Category

Self-Improvement

7 New Things I’m Doing in January {SQT}

1. ABA

We finally started ABA, and it has been wonderful! My dear almost-3-year-old man separates easily, engages with his super-fun therapist, and has learned so much already. His goals are mostly language, attentiveness, and self-regulation. Yesterday we did a whole puzzle together, and then he helped me clean up his room (without being asked!) That never happened before!

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Make Everything Easier with Good Habits

How do you form good habits? Most of us say “I want a new habit, guess I just have to work out for a few weeks. If I stick with it, eventually it will become second nature.” Nope! Habits don’t magically appear out of repetition.

 

Here’s an example: Let’s say your New Year’s resolution for 2016, you wake up, and smack yourself in the face with a frying pan. It’s character building. You knuckle down, and keep doing it every.single.day. For 365 mornings in a row, you diligently whack yourself to uphold your yearly promise.

 

On January 1st, 2017, will you smack yourself again? I’m betting not.

 

You had only done it so long out of sheer willpower, not easy habit. The same thing happens with so many diets or exercise programs.

 

You do a Whole30, and a month later you’re eating a whole pint of Ben & Jerry’s. Finish the 30 Day Shred, and you never want to see Jillian Michaels toned face again. Having reached the deadline, you leave the routine behind.


Where did your habit building go wrong?

 

I absolutely love Habits by Charles Duhigg. He breaks the construction and purpose of habits down to an exact science. Here’s the big secret: you cannot muscle through on willpower alone.

 

Habits have a distinct beginning and end point. The framework of habit building goes cue -> routine -> reward.

 

Most of us zero in on only the middle part, routine. You didn’t hang the routine on a cue, or finish it with a reward!
How do you form good habits? Habits don't magically appear out of repetition. Bad habits and good habits alike are built in three simple steps.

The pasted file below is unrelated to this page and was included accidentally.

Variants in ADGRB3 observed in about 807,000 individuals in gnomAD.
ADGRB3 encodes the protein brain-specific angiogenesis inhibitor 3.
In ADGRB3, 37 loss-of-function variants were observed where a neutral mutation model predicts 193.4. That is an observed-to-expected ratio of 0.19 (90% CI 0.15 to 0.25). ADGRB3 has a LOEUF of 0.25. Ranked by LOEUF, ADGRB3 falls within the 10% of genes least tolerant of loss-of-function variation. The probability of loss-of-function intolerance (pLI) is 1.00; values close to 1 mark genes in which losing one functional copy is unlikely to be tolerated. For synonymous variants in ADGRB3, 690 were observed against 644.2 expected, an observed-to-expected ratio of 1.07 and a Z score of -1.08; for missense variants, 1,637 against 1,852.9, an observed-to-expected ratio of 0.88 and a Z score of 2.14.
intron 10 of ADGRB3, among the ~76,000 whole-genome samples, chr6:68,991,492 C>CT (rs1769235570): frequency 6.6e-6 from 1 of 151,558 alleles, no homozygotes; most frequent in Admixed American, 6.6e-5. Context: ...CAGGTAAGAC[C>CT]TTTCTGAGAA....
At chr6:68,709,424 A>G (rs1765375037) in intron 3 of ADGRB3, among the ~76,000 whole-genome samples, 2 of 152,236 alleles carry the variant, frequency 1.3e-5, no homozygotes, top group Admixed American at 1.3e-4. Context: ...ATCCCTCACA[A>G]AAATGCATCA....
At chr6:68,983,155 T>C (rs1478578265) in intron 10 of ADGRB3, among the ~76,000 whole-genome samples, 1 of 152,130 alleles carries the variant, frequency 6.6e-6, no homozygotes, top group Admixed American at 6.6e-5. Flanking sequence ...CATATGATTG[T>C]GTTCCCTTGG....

To form good habits, find your cue

Rather than trying to create a new habit from scratch, hook it onto an existing cue.

 

As an example, I struggle with late-night snacking. Almost every night, I sink into the couch at the end of a long tiring day. I laugh with my husband at our favorite show. Then I mindlessly, habitually, get myself a little treat.

 

My cue is relaxing on the couch at night. Until recently, my routine was to get an unhealthy after-dinner treat.

Insert your new routine

Instead of snacks like popcorn or ice cream, I’ve switched to a nice tea. Now I have special caffeine-free teas and a mug, all on a delicate tray on the counter.

 

I look forward to my tea time. As I pass the tea tray with a basket of laundry (or hungry toddler), I envision the ritual of making tea in the coming evening. The anticipation makes it 10x more satisfying.

Finish your good habit with a natural reward

Ideally this will be the same reward as you had originally in your bad habit. So if the exhilaration of victory enticed you to endless hours of video games, the reward of a cozy scarf will not take you from MMORPG champ to crochet queen.

 

The tea time reward is a very particular feeling of indulgence and self-care. I feel the warmth of the cup. Inhale the fragrant steam. Sink down into the couch cushions beside my hubby. Much as I did with a bowl of ice cream, only I consume far fewer calories now.

By keeping the reward and cue the same, you can focus all your efforts on changing the routine. What are some bad habits you’d like to improve? Or good habits you’ve been meaning to implement?